- Mayor concerned with regional council’s river-related costs
THE Opotiki District Council is pleading with the regional council not to flood it with river-related costs.
Opotiki Mayor John Forbes objects to the Bay of Plenty Regional Council’s proposed average rate increase of 6.5 per cent, which is up from the forecast rise of 5.3 per cent, and is asking the regional council to change its way of calculating urban river scheme rates.
Mr Forbes’ letter, dated April 6, was presented at the Opotiki council’s extraordinary meeting on Friday.
Mr Forbes said in comparison to the regional council’s overall budget, the river scheme costs were not large sums of money.
“However, when that cost is forced to be borne by a small number of residents in a highly-deprived area, those costs become unreasonable and unacceptable,” he said.
Mr Forbes said he understood the regional council had adopted a “user pays” approach to providing services, but the river scheme could not be considered “user pays”.
“This is not a service our residents can opt in for, or opt out of,” he said.
“The only way they could opt out is by moving away.
“But in the case of the river scheme, the majority of affected residents do not have the ability or financial mobility to move away and thus ‘opt out’.”
Mr Forbes said the river scheme should be funded differently because of the large areas of non-rateable land in the catchment and the utilities that benefited, but did not pay.
“We understand that this rating system had existed in a similar form as long as the river schemes have existed, but that doesn’t make it right,” he said.
In a graph provided by the regional council, the average annual rate for Opotiki is listed at $655, compared with $541 for Whakatane, $300 for the Western Bay and $213 for Kawerau.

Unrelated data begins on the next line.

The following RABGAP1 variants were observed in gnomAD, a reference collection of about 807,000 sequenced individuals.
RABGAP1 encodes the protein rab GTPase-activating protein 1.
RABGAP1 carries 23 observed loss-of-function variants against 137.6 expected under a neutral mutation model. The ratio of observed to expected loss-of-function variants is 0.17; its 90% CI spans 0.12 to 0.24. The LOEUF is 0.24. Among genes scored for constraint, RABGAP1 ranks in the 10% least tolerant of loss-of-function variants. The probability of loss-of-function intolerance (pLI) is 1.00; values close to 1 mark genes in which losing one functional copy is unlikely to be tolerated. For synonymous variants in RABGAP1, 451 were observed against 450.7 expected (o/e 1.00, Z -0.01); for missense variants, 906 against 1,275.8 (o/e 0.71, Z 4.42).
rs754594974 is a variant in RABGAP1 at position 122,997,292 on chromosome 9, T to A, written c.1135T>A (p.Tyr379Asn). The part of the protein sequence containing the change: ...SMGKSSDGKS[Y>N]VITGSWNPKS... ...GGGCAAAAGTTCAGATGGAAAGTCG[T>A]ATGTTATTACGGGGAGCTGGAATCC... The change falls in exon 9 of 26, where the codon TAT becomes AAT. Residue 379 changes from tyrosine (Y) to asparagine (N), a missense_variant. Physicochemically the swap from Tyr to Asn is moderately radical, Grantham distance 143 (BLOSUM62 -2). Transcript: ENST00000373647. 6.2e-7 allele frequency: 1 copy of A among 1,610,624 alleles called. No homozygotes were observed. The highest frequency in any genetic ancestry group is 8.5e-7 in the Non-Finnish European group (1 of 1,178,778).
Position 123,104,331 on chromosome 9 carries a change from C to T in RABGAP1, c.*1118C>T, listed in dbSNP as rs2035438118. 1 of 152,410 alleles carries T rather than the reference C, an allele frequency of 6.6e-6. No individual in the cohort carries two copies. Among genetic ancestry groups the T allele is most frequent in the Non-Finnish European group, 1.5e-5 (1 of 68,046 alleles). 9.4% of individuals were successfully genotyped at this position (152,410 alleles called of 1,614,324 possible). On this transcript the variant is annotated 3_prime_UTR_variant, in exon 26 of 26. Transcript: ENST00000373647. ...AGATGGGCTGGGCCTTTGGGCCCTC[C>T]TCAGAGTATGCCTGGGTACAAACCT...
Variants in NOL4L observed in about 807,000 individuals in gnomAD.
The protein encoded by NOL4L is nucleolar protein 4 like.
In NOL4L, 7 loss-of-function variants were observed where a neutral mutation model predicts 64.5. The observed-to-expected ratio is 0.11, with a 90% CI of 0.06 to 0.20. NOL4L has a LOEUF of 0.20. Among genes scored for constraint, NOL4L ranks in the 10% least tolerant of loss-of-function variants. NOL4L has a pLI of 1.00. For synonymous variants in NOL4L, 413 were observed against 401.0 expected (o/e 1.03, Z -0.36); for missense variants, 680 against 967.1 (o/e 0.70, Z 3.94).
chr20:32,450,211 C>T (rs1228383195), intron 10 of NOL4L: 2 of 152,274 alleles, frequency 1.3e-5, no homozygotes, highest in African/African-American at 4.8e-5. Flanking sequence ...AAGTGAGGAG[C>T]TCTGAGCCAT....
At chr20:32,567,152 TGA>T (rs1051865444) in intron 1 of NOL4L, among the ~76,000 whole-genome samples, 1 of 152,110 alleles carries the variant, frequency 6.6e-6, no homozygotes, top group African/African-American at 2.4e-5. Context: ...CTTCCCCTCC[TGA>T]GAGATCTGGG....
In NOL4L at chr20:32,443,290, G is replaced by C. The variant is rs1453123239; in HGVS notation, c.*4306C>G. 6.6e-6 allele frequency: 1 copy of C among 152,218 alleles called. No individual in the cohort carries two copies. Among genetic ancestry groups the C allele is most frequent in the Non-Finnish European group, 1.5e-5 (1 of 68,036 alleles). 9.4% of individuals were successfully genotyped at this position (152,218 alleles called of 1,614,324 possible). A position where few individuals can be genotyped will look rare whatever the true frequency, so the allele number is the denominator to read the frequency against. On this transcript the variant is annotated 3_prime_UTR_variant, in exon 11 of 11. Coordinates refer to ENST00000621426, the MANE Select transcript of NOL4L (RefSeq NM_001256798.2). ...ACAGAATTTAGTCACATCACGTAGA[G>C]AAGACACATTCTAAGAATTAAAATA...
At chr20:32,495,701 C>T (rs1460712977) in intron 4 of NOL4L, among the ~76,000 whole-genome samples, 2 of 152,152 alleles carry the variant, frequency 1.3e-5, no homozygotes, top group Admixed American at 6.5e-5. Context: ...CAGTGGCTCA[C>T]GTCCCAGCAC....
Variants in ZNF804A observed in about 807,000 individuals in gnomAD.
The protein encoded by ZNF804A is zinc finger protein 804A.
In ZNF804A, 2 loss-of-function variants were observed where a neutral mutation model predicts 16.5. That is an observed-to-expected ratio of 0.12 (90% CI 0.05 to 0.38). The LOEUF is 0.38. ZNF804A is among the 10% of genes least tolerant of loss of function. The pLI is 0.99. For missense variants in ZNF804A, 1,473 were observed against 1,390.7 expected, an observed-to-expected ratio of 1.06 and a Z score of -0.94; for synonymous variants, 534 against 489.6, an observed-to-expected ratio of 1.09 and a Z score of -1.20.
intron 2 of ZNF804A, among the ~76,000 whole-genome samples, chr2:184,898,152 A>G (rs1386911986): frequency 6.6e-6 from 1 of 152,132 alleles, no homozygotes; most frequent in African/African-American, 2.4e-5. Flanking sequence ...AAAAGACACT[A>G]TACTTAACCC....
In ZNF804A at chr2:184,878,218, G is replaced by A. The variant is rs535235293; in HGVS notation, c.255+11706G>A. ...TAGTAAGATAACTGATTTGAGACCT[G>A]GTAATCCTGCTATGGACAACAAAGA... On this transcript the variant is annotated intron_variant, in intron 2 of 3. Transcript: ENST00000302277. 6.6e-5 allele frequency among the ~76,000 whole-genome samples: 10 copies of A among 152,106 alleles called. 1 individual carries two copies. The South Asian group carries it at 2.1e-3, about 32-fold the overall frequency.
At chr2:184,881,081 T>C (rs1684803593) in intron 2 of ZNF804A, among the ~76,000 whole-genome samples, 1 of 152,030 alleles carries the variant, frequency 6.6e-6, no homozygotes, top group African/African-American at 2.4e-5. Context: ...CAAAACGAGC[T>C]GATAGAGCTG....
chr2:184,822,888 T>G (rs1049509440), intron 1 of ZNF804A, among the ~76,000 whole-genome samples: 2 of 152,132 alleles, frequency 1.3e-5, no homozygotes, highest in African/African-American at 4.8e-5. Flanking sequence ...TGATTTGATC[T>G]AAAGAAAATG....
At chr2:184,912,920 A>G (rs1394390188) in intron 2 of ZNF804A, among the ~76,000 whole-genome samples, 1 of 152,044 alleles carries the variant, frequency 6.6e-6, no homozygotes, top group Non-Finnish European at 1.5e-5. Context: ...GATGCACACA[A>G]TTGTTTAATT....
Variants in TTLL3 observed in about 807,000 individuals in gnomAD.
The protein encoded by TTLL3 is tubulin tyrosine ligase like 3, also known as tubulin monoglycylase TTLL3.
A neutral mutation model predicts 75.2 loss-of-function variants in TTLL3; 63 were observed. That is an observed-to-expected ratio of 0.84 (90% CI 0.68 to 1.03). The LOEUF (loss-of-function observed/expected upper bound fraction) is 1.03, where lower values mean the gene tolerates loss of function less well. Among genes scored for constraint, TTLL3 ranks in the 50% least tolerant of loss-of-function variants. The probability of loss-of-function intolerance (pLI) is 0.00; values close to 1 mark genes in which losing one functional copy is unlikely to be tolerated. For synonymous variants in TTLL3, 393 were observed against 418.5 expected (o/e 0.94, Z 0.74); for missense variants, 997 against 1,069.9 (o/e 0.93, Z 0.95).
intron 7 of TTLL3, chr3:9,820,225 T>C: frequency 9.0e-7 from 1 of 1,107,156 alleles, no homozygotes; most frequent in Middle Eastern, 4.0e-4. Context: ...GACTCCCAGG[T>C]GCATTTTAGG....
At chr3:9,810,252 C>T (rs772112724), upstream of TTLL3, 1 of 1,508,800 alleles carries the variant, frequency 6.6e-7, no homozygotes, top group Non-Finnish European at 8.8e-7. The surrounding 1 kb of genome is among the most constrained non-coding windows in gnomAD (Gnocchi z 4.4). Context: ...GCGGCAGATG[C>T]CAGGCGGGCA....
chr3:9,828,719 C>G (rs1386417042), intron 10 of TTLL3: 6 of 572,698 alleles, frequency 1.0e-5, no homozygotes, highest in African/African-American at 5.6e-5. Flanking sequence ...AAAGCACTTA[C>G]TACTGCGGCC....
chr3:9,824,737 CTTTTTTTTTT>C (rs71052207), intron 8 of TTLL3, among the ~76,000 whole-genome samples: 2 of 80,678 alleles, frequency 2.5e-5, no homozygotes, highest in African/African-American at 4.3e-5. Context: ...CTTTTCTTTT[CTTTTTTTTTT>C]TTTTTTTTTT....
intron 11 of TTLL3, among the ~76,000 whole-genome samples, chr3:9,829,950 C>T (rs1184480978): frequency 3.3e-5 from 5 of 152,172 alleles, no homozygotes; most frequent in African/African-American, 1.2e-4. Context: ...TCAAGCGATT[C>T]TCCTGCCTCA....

Of the $655 paid in Opotiki, $479 is a targeted rate for the urban river scheme, which funds river and stopbank maintenance.
The graph also shows the draft 2019-20 annual plan estimate for the median property in Opotiki having an overall rate of $744, of which $553 is the river scheme rate.
Mr Forbes said the way the regional council’s rating system worked resulted in some of the poorest and most deprived residents in the region being faced with the highest rates.
“Those struggling the most, often do not voice their views on such matters,” he said.
Mr Forbes said he was once again imploring elected members to reconsider the way the rating system worked regarding the urban river scheme.
“The Local Government Act requires local authorities to manage their finances in a manner that promotes the current and future interests in the community,” he said.
“It is our view that the regional council is failing in this respect.”
Mr Forbes said the Opotiki council also wanted to submit in relation to decisions being made about how the regional council addressed climate change in the future.